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Eyeball-Embedded Augmented Reality, Hackable Humans, and Gamified Everything

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Jordan Crook writes:

The more we use knowledge found on the Internet (and not in our own minds) the less capacity we have to actually hold that knowledge internally. The best example in the video would be Patrick making his breakfast. Rather than knowing the recipe and cooking it, his Sight System gamifies the process and walks him through each individual step, virtualized on his counter-top.

While we’re already sliding down this slippery slope, Googling knowledge instead of retaining it, there are still limitations to it. Even in our hyper-connected world, there are certain times when you simply don’t have access to the Internet, and even if you do, there are things (very few things, but they exist) that cannot be looked up.

But by embedding the technology within our bodies, the externalizing of knowledge becomes internal.

The thought of externalized knowledge frightens me.

Be sure to watch the video thru the ending.

It doesn't scare me, really. We're already there. I can't fix most anything around me including the vehicle that propels me at dangerous speeds. I rely on others or machines for that knowledge. Our brains were never designed to store everything and we're adding more info to the world at an incredible rate. We need not fear not knowing everything. Our judgments and decisions are what is important not the size of our cerebral hard drives.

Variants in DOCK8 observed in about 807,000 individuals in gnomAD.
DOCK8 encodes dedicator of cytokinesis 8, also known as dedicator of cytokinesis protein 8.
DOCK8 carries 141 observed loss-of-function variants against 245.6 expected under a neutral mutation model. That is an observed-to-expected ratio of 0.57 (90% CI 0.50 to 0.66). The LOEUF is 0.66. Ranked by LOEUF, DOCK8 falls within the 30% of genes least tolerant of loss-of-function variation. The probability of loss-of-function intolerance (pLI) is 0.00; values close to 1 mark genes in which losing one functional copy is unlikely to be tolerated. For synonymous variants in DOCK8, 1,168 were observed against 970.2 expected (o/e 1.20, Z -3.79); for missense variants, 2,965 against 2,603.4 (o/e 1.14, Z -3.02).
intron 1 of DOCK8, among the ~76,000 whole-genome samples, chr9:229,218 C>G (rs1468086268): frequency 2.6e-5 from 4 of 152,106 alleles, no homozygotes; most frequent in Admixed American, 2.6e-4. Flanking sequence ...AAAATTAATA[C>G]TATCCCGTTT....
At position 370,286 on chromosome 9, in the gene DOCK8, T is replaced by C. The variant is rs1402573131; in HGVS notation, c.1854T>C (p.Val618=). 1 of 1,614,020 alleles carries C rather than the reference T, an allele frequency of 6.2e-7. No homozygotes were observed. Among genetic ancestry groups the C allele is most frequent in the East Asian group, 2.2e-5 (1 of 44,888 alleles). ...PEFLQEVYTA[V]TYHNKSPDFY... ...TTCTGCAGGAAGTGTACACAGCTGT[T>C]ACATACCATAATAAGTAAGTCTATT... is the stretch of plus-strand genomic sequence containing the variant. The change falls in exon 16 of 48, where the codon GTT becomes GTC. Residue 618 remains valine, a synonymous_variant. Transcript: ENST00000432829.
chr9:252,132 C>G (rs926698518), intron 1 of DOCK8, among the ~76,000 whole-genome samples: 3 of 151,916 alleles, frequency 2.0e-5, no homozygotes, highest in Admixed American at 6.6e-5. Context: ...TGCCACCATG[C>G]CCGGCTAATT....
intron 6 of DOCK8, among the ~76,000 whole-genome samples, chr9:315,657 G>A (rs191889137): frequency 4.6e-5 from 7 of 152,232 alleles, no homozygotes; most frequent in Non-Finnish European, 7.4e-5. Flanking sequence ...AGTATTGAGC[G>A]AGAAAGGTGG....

So what happens if we get stranded on an island or outer space without access?

Without practice, that memory part of out brain atrophies.

Some people will always challenge themselves to be better and most never will. Advances will be created by the former and trickle down to the latter. It's inevitable.

Most of the time we have a vested interest in a safe future for the bulk of humanity and plan accordingly. But, and your warning is very relevant here, technology increasingly allows a few to have a disproportionate effect on the many. This will only grow and at some point, yes, there will be a very nasty result as those who control it wield it over those dependent on it. Will it all net out in the positive? We can't be sure.

What I am sure of is that this problem is already here and has been for decades. During the cold war we sat on the brink of nuclear annihilation many times.

Day-to-day life has grown better and better but, yes, the black swan worst-case-scenario has grown exponentially darker.

That's a really good point.

Until humans have mastered space travel, there's a danger an extinction-level event can take out the planet.

Once humans can travel into space, other strategies (such as not relying on technology!) can play out separately.

If you like this, you should be sure to check out the three episodes of the BBC's anthology 'Black Mirror'. Each episode stands alone, each is interesting in its own way, and the second and third especially explore some similar themes.

Thanks for the tip, Gordon. I will check it out!

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